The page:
Wow! Today was truly an amazing day. We walked the historic area of La Gran Piedra (The Big Rock) in the highest region of Cuba. The rock is of volcanic origin and is estimated to weigh 65,000 tons.
We visited biodiverse hilltops and the remains of a French coffee plantation, called La Isabelica, from the early 19th century. I felt a deep spiritual connection being in this environment. While walking through the plantation buildings, the tour guide showed us a hole in the cement floor. We found out later that this hole was made for punishing female slaves who were pregnant. The punishment was for the woman to lay on the floor with her stomach in the hole to protect the baby inside her while the slave master whipped her back.
So many emotions and feelings came over me. First, I became numb. I began to feel fear in my body, and I felt the pain in my soul. I had to process what had happened in this room.
We took a break from the plantation to enjoy the vendors selling jewelry, coffee, sugar, and artwork. We saw Cuba’s national flower, the White Ginger, called “Mariposa” meaning the butterfly flower. One of the workers in the gardens gave me one of the flowers from a very tall tree. He had to use a bamboo pole to cut it down.
I later gave the flower to my house mother where I was staying. As we continued to walk through the beautiful gardens, I saw black chickens, black pigs, and black lizards. This brought peace and beauty to me.
— Kim Morris-Newson, IU staff and African American Dance Company member
After our excursion we quickly bused over to Teatro Marti in Santiago to give our second and final performance in the Festival del Caribe. Even though we were exhausted from the day’s activities, we brought so much power to the stage. This week has been physically challenging, with multiple dance classes and rehearsals each day on top of walking the city streets and our excursion through the mountains. But something about the drum rhythms and the adrenaline on stage brought out our strength.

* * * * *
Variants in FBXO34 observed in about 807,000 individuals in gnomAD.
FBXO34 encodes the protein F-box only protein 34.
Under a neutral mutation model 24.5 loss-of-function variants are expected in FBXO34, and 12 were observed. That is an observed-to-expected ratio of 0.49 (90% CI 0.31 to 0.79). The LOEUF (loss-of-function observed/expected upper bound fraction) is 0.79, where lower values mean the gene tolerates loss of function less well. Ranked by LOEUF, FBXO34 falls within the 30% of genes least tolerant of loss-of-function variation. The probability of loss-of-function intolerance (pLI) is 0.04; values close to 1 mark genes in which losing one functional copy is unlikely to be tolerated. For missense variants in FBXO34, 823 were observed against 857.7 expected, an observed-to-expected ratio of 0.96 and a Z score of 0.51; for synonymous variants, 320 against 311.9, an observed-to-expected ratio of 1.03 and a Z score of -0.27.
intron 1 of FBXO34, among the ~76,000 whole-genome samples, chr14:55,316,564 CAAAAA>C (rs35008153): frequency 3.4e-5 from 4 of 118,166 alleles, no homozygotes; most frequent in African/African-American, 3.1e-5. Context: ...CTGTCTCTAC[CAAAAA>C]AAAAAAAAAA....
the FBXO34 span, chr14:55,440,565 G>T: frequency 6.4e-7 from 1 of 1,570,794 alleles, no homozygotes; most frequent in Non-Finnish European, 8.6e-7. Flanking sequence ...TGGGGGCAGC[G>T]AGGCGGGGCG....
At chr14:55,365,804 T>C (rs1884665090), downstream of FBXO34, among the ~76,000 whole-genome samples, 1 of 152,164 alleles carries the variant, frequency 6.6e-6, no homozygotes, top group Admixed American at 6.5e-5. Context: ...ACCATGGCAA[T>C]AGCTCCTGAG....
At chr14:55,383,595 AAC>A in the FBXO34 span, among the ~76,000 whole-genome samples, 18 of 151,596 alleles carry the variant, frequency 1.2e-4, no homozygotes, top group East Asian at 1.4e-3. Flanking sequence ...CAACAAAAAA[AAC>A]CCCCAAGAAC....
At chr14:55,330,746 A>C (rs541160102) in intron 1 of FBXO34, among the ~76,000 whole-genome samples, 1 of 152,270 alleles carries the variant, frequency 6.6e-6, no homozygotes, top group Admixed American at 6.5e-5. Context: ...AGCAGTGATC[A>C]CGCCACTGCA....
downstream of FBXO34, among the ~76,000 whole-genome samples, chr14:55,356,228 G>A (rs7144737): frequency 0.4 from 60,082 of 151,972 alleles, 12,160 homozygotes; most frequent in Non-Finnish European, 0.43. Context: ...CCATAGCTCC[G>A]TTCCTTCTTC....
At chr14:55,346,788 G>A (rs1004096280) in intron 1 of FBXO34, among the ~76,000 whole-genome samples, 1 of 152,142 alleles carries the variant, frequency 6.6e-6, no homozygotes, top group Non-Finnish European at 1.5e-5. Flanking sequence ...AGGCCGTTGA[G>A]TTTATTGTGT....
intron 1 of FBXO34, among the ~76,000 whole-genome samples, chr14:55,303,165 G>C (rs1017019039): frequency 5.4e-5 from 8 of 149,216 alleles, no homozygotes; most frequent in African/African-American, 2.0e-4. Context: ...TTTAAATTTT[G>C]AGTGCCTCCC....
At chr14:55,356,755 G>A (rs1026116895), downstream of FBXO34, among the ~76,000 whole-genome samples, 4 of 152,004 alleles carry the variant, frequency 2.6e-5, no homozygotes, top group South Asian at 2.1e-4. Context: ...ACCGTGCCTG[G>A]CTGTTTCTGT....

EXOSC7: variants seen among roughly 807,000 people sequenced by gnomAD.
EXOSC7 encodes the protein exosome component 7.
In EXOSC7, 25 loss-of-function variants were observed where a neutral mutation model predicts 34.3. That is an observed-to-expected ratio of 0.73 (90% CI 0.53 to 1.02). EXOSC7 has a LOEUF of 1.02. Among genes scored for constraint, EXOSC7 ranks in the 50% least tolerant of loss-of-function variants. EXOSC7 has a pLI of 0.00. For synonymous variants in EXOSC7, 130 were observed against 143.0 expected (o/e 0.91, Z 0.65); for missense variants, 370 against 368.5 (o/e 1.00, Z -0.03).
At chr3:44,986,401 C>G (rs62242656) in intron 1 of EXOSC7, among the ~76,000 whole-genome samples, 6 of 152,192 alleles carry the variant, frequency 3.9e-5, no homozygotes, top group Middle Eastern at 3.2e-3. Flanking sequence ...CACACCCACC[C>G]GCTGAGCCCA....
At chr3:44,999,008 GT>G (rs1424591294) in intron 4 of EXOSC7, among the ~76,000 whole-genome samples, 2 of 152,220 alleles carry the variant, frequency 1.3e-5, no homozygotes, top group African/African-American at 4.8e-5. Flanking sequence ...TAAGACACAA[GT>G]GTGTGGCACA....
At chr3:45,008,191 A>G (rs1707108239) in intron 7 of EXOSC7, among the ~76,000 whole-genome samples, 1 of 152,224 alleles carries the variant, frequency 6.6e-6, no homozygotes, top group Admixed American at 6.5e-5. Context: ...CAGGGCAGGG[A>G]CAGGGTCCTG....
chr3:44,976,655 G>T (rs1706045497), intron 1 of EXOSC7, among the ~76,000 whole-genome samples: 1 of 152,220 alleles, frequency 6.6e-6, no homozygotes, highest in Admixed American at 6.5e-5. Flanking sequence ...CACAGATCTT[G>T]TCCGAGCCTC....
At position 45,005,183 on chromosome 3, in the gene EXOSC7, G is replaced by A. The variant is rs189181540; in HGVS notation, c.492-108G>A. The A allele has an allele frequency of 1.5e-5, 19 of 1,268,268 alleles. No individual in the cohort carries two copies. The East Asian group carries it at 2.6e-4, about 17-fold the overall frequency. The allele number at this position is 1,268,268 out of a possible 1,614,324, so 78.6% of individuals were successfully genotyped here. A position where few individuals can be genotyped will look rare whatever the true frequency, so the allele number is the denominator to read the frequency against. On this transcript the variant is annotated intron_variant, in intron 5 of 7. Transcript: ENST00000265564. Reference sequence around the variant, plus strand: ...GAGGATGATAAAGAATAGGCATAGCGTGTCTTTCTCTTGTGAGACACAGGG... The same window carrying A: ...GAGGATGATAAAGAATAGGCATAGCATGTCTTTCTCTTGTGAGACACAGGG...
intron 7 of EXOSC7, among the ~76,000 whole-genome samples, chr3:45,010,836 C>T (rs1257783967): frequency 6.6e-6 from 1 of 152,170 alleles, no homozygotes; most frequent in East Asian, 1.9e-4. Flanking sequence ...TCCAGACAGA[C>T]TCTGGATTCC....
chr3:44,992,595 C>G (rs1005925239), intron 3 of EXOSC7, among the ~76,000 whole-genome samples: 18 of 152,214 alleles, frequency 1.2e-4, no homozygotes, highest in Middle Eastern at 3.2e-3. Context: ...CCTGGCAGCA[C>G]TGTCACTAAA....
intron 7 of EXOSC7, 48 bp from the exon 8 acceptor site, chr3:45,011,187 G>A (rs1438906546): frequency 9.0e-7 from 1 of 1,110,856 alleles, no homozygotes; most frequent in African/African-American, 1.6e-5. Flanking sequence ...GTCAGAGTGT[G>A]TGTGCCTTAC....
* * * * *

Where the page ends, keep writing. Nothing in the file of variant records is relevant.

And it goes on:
I think our performance today was more relevant to us than ever before. After seeing where slaves were held and understanding the pain and suffering they endured, our dance (particularly the section called “Columbus Ghost”) was so meaningful. We pushed our bodies a little harder to express the stories and feelings we had experienced at the plantation today.
Not only did we get to perform at this amazing theater, but we also witnessed performances by other companies, including an emotional performance of “Sulkari,” a traditional dance of the Orishas, by Danza del Caribe.
Today was truly a once-in-a-lifetime experience for which I will forever be grateful. Being in Cuba and experiencing all the cultural differences first hand has definitely changed my perspective.
— Tiana Martin, IU Sophomore studying Psychology